by Emma Stockburn
Cathy Freeman was born in Makay QLD in 1973, three hours from her extended family who lived at Woorabinda, an Aboriginal mission. She was ‘hooked on running’ at the age of eight when she ran her first race. Soon after she was attending the Primary School Championships and by the age of fourteen, she knew, her only goal was to win an Olympic Medal.
Cathy has said, “the dream evolved throughout my childhood and my the time I was in high school I wasn’t thinking about anything else. The first thing I remember about running was how happy it made me feel”
By fourteen, Cathy had already won national titles in high jump, the 100, 200 and 400 metre sprints. Then she won her first gold medal in the 4 x 100 metre relay at the 1990 Commonwealth Games when just sixteen years old. This was the first time an Aboriginal Australian had won a gold medal at the Commonwealth Games. It was in 1994 that Cathy had her breakthrough year and joined the athletic elite.
This was at the Commonwealth Games in Canada and Freeman won gold in both the 200 m and 400 m. She also competed as a member of Australia's 4 × 100 m squad, winning the silver medal. During 1994, she also took 1.3 seconds from her 400 m personal best, achieving 50.04 seconds, and set all-time personal bests in both the 100 m (11.24) and 200 m (22.25). In 1998, Cathy was named Australian of the Year.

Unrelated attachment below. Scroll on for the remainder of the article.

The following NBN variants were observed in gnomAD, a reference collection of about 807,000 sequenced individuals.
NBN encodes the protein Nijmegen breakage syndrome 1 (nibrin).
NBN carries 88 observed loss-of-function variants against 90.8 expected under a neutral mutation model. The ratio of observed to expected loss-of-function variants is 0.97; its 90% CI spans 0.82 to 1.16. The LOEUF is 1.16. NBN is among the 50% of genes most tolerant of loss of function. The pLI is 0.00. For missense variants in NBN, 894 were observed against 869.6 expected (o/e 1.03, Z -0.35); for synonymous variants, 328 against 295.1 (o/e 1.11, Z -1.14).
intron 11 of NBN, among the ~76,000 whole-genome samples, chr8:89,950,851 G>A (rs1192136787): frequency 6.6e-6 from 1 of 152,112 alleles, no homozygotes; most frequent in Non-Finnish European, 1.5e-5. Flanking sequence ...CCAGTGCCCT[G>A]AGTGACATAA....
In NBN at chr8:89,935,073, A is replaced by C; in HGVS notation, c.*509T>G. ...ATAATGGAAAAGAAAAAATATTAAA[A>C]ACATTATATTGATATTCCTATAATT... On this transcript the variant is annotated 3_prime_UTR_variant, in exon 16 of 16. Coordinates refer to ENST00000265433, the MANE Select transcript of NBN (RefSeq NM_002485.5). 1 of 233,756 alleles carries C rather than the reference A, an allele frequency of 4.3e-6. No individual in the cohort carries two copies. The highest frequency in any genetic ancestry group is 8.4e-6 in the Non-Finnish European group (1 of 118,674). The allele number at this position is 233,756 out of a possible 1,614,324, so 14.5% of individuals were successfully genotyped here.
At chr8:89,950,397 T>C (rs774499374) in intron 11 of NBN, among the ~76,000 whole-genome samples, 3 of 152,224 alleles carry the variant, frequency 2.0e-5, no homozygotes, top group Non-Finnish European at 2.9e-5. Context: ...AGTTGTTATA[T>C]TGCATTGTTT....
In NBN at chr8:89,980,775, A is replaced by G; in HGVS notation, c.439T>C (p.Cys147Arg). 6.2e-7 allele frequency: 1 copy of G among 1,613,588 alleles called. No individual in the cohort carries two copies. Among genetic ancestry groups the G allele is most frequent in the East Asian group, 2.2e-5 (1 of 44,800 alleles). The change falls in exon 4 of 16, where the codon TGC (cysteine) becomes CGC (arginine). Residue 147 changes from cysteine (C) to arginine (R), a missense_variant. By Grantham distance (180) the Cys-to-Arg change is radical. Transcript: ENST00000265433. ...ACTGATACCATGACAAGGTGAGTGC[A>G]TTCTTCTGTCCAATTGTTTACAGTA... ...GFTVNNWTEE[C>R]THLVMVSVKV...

Beset by injury in 1998, Cathy took the season off, but by the 2000 Sydney Olympics she was the favourite to win the 400 metres. She had lite the Olympic Flame at the Opening Ceremony and as Freeman took to the track for her main race it was with the hope of a nation. But also to the background of reconciling and solidarity for Australians Aboriginal and Torres Strait Islanders. In May 2000 over 250’000 people walked over the Sydney Harbour Bridge in a Walk for Reconciliation “The march was a public expression of support for meaningful reconciliation between Australia’s Indigenous and non-Indigenous peoples.” And it was this feeling that carried across the 111’ 00 strong stadium audience and millions more around the world. Cathy Freeman won her race with a time of 49.11 seconds, a time that makes her the eighth fastest women in the world.
Taken from an article written this year as a recollection of the race in 2000. “Her lap of honour was like a dance, as she carried both the Aboriginal and Australian flags. With those joyful steps she lodged herself in our hearts forever…On screen we saw a sea of Aboriginal flags, Australian flags, green and gold streamers and people clapping their hands. It’s hard not to imagine that, at that minute, every Australian was proud of Freeman – and what she represented to us all. Strength, commitment, focus and belief in self” Cathy was given the Olympic Order for Sportswoman of the year in 2001. Freeman announced her retirement in 2003. Now pursing interests that are of significance to her, especially those related to Aboriginal and Torres Strait Islander people. Including the formation of the Cathy Freeman Foundation to help children have brighter future through education.
Emma Stockburn, Research Facilitator, Family History, City of Parramatta, Parramatta Heritage Center, 2020
Cathy Freeman: https://en.wikipedia.org/wiki/Cathy_Freeman
I watched Cathy Freeman win gold at the Sydney Olympics. That moment still inspires me today: https://www.theguardian.com/tv-and-radio/2020/feb/05/i-watched-cathy-freeman-win-gold-at-the-sydney-olympics-that-moment-still-inspires-me-today
Cathy Freeman: https://aiatsis.gov.au/explore/articles/cathy-freeman
Walk for Reconciliation: https://www.nma.gov.au/defining-moments/resources/walk-for-reconciliation